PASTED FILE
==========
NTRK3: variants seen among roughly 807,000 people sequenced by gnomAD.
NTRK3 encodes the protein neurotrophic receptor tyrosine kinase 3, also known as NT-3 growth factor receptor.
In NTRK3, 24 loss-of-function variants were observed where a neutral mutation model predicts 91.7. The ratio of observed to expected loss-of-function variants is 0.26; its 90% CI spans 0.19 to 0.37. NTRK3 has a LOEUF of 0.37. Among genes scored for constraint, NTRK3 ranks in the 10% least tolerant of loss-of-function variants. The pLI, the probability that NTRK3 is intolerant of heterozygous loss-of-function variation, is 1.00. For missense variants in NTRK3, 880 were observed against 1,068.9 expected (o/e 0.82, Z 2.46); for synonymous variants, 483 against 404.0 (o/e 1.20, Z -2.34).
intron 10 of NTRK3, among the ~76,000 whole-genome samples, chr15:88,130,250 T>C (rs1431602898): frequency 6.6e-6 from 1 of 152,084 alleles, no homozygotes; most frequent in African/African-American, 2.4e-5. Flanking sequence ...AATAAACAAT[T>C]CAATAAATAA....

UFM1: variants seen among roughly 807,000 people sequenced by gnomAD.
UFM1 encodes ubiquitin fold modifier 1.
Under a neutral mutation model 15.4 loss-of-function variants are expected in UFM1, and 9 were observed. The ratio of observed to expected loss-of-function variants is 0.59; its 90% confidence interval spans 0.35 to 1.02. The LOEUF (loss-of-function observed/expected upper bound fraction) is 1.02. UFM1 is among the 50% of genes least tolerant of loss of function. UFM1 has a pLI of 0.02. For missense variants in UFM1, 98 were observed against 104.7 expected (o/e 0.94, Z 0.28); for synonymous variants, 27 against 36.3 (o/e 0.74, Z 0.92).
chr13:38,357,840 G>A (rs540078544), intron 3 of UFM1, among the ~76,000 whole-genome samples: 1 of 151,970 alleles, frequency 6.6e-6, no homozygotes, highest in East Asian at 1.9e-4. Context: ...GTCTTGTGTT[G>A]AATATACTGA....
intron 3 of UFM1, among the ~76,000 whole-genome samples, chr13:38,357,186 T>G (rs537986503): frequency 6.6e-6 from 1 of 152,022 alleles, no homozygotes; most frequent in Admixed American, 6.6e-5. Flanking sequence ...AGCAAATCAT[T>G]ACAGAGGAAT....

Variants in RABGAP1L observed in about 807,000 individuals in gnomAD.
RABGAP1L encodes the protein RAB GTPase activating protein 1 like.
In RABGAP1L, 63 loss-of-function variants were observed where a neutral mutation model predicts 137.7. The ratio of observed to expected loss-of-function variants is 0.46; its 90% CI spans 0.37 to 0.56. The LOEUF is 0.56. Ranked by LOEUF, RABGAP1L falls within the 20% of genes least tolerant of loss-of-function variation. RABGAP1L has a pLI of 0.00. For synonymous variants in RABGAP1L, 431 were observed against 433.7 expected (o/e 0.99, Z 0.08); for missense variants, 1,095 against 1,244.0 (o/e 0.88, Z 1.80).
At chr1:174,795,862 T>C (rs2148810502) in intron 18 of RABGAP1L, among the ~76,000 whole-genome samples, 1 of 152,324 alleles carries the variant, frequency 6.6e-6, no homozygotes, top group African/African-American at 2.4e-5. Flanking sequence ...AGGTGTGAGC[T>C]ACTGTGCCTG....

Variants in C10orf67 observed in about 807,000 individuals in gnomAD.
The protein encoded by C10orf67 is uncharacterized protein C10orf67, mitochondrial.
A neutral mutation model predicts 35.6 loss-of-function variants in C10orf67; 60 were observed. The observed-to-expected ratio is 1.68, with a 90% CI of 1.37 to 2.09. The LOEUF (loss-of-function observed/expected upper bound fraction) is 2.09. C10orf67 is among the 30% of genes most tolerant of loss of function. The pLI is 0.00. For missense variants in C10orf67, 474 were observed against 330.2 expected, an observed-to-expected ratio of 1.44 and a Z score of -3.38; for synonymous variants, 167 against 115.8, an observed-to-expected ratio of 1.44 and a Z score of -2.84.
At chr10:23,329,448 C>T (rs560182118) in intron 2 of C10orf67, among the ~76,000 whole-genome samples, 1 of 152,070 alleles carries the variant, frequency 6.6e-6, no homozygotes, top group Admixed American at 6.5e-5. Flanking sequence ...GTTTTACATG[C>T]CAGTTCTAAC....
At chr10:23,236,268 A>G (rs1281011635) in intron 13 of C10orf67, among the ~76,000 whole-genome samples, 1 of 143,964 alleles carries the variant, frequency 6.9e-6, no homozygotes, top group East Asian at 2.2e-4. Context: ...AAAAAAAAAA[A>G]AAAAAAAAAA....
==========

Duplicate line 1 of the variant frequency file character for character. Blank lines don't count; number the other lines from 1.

NTRK3: variants seen among roughly 807,000 people sequenced by gnomAD.